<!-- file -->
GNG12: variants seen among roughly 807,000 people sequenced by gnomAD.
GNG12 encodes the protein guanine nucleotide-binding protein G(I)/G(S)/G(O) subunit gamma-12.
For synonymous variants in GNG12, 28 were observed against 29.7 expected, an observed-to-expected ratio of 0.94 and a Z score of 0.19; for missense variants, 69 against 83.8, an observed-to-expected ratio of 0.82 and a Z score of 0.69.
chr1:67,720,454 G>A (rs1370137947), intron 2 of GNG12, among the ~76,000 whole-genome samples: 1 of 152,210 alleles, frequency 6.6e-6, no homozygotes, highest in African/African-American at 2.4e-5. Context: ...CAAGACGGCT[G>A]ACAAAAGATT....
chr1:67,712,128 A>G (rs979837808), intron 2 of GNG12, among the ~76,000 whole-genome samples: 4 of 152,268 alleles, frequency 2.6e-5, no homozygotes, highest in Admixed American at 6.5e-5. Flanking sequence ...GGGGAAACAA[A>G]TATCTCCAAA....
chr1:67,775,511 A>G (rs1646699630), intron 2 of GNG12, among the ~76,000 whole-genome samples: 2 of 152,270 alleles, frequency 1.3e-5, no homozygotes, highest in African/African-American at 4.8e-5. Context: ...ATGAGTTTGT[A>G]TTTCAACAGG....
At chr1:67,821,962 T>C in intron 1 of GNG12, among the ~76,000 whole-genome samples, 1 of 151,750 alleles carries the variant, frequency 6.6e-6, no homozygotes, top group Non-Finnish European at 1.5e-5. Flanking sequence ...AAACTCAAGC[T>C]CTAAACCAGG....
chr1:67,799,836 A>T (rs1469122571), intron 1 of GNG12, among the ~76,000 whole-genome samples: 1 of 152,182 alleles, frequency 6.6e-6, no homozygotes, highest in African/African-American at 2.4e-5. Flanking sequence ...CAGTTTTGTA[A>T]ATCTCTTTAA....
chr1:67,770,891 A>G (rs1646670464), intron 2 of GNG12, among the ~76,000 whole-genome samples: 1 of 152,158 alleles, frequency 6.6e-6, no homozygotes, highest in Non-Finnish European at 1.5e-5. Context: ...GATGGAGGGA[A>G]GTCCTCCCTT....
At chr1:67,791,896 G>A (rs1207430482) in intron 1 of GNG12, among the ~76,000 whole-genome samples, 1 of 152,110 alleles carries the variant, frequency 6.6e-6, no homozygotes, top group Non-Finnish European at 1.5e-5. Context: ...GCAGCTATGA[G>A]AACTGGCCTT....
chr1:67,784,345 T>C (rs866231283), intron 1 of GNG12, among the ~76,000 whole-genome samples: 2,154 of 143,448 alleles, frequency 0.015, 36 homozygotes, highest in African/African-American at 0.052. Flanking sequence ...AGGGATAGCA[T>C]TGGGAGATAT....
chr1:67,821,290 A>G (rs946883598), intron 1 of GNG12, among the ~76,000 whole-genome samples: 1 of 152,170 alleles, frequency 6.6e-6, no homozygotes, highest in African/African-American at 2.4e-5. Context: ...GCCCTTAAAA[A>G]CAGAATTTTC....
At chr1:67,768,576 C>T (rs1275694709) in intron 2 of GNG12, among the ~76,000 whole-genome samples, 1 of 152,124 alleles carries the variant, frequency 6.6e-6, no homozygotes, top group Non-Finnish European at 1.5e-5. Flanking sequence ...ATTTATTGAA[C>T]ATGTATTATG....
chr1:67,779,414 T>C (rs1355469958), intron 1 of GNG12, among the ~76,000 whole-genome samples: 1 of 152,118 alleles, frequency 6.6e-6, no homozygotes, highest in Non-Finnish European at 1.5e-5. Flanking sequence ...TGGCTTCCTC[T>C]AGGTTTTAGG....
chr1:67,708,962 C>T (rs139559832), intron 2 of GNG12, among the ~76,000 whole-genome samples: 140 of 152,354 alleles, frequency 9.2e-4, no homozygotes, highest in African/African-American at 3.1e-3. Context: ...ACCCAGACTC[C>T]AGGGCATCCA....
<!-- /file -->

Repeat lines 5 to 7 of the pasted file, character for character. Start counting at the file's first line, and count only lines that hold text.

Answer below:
chr1:67,712,128 A>G (rs979837808), intron 2 of GNG12, among the ~76,000 whole-genome samples: 4 of 152,268 alleles, frequency 2.6e-5, no homozygotes, highest in Admixed American at 6.5e-5. Flanking sequence ...GGGGAAACAA[A>G]TATCTCCAAA....
chr1:67,775,511 A>G (rs1646699630), intron 2 of GNG12, among the ~76,000 whole-genome samples: 2 of 152,270 alleles, frequency 1.3e-5, no homozygotes, highest in African/African-American at 4.8e-5. Context: ...ATGAGTTTGT[A>G]TTTCAACAGG....
At chr1:67,821,962 T>C in intron 1 of GNG12, among the ~76,000 whole-genome samples, 1 of 151,750 alleles carries the variant, frequency 6.6e-6, no homozygotes, top group Non-Finnish European at 1.5e-5. Flanking sequence ...AAACTCAAGC[T>C]CTAAACCAGG....